Updated April. 23, 2013 07:43
Asian Development Bank recently forecast that the Koreas economic growth rate would be the lowest among major 11 Asian countries. Accounting and consultancy firm Ernst & Young on Monday significantly lowered Koreas expected growth rate to 2.2 percent. These announcements were made only several days after management consulting firm McKinsey & Company said on April 14 in its first report since 1998, "Koreas economic growth has reached the limit." Warnings on the Korean economy have been issued one after another while it is unclear if the Korean government has any solution to this crisis.
The real economy has already been taken its toll. After companies first quarter performances have been released, the market capitalization of 15 major construction companies suffered 4.5 trillion won (4 billion U.S. dollars) loss from "earnings shocks" due to lower-than-expected performances of GS Engineering & Construction and Samsung Engineering. Amid the global economic recession, STX Offshore & Shipbuilding signed a voluntary agreement with creditors and went into a large-scale restructuring. Though department stores` spring sales continued until Sunday, their sales growth remained well below those of last year.
The Japanese economy has started improving in seven years with an increase in sales of department stores and the number of transactions in the housing market. Other Asian countries have shown growth rates of six to seven percents. Only Korea is struggling. Surrounding conditions have grown worse since the launch of the Park Geun-hye government due to North Koreas continued threats of military provocations and a weak yen, both of which have weakened Koreas export competitiveness. As companies report bad performances while the outlook for both foreign and domestic markets is bleak, rumor has it that the so-called May crisis has been spread amid gloomy economic outlook in this spring.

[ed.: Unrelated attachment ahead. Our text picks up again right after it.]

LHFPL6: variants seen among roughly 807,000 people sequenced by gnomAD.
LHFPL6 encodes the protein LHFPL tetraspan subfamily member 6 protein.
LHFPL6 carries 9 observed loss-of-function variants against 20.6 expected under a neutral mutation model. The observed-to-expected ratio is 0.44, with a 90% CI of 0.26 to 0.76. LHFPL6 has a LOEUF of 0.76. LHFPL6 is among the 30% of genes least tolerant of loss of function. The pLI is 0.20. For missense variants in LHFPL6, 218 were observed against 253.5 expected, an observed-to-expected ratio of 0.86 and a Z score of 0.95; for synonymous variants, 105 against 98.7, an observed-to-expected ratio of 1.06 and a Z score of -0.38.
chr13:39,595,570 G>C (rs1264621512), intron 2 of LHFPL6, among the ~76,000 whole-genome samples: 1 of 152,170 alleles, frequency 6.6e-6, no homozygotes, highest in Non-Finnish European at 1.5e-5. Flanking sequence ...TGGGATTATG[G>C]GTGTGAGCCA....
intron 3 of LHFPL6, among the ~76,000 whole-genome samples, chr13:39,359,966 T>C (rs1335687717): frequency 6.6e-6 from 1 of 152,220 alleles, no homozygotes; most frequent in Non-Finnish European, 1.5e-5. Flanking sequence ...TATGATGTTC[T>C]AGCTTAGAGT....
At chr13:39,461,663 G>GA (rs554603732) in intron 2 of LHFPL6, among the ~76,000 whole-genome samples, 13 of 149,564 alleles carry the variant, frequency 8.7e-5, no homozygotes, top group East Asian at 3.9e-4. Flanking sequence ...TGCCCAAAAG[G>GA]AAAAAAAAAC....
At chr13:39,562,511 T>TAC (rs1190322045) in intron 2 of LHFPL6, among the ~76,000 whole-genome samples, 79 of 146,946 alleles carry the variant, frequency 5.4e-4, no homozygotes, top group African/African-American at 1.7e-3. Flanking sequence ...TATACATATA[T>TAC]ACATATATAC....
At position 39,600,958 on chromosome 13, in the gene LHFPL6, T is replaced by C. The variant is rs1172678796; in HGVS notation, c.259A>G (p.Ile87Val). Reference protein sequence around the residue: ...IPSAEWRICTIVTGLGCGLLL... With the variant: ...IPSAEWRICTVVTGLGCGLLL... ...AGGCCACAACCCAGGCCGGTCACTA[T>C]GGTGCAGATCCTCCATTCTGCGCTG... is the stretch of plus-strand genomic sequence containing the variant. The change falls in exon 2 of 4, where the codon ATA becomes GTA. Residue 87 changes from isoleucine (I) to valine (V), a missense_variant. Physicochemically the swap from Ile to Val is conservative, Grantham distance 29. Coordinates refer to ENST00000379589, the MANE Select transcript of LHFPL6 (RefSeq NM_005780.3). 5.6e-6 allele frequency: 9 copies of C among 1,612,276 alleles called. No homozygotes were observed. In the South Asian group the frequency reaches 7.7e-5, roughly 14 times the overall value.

However, the government and politicians do not seem to be aware of the serious situation. The government`s real estate stimulus plan, which was introduced on April 1, have almost stopped the market by continuing argument over the standards for tax exemption for transfer income taxes and acquisition taxes. When the economy is bad, the government needs to encourage companies to invest more. The National Tax Service, however, has announced that it will launch rigorous tax investigations to raise more taxes. Conglomerates have closely followed announcements by the government and delayed investment plans not knowing what the bills for the economic democratization hold.
The government is keep repeating its rhetoric of a creative economy when economic players are unwilling to try anything. Though President Park Geun-hye has called for deregulation Monday to boost company investment, it is not enough. Korea needs a growth strategy encompassing overall economic fields. Japanese Prime Minister Shinzo Abe established an industrial competitiveness counsel participated by company CEOs under the Prime Ministers Office. Economic democratization could be a desirable goal. But without economic growth, no goal can be achieved.